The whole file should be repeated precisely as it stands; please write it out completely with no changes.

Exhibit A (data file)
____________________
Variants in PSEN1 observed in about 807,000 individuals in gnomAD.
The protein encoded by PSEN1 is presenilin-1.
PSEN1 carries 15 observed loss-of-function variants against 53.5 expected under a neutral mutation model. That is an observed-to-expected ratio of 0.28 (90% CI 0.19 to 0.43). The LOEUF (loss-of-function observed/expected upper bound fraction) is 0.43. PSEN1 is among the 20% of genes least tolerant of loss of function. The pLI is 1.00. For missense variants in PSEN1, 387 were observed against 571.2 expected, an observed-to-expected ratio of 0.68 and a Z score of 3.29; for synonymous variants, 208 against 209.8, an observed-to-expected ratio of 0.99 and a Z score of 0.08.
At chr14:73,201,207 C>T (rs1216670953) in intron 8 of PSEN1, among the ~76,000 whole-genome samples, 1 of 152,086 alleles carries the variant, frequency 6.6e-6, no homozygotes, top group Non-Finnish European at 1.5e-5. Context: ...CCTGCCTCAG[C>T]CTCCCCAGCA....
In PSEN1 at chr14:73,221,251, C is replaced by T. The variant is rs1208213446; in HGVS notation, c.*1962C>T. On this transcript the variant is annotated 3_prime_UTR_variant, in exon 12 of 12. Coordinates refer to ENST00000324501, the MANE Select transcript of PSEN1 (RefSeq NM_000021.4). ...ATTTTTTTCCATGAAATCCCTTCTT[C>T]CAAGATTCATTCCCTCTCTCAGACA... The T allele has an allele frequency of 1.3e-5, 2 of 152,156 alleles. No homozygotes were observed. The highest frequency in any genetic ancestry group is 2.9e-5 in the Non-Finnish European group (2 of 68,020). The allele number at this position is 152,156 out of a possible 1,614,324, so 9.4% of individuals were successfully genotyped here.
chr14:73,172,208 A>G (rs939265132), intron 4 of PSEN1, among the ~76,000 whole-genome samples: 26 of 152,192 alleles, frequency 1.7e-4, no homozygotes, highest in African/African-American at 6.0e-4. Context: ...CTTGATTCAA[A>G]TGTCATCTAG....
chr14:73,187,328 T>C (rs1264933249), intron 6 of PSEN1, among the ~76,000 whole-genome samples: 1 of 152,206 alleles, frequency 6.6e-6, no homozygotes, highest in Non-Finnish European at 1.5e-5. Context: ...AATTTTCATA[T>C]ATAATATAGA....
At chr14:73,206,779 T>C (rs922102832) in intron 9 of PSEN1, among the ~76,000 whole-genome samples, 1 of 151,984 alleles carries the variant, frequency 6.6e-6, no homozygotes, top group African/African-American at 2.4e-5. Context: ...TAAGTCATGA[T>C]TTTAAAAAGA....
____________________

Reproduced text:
Variants in PSEN1 observed in about 807,000 individuals in gnomAD.
The protein encoded by PSEN1 is presenilin-1.
PSEN1 carries 15 observed loss-of-function variants against 53.5 expected under a neutral mutation model. That is an observed-to-expected ratio of 0.28 (90% CI 0.19 to 0.43). The LOEUF (loss-of-function observed/expected upper bound fraction) is 0.43. PSEN1 is among the 20% of genes least tolerant of loss of function. The pLI is 1.00. For missense variants in PSEN1, 387 were observed against 571.2 expected, an observed-to-expected ratio of 0.68 and a Z score of 3.29; for synonymous variants, 208 against 209.8, an observed-to-expected ratio of 0.99 and a Z score of 0.08.
At chr14:73,201,207 C>T (rs1216670953) in intron 8 of PSEN1, among the ~76,000 whole-genome samples, 1 of 152,086 alleles carries the variant, frequency 6.6e-6, no homozygotes, top group Non-Finnish European at 1.5e-5. Context: ...CCTGCCTCAG[C>T]CTCCCCAGCA....
In PSEN1 at chr14:73,221,251, C is replaced by T. The variant is rs1208213446; in HGVS notation, c.*1962C>T. On this transcript the variant is annotated 3_prime_UTR_variant, in exon 12 of 12. Coordinates refer to ENST00000324501, the MANE Select transcript of PSEN1 (RefSeq NM_000021.4). ...ATTTTTTTCCATGAAATCCCTTCTT[C>T]CAAGATTCATTCCCTCTCTCAGACA... The T allele has an allele frequency of 1.3e-5, 2 of 152,156 alleles. No homozygotes were observed. The highest frequency in any genetic ancestry group is 2.9e-5 in the Non-Finnish European group (2 of 68,020). The allele number at this position is 152,156 out of a possible 1,614,324, so 9.4% of individuals were successfully genotyped here.
chr14:73,172,208 A>G (rs939265132), intron 4 of PSEN1, among the ~76,000 whole-genome samples: 26 of 152,192 alleles, frequency 1.7e-4, no homozygotes, highest in African/African-American at 6.0e-4. Context: ...CTTGATTCAA[A>G]TGTCATCTAG....
chr14:73,187,328 T>C (rs1264933249), intron 6 of PSEN1, among the ~76,000 whole-genome samples: 1 of 152,206 alleles, frequency 6.6e-6, no homozygotes, highest in Non-Finnish European at 1.5e-5. Context: ...AATTTTCATA[T>C]ATAATATAGA....
At chr14:73,206,779 T>C (rs922102832) in intron 9 of PSEN1, among the ~76,000 whole-genome samples, 1 of 151,984 alleles carries the variant, frequency 6.6e-6, no homozygotes, top group African/African-American at 2.4e-5. Context: ...TAAGTCATGA[T>C]TTTAAAAAGA....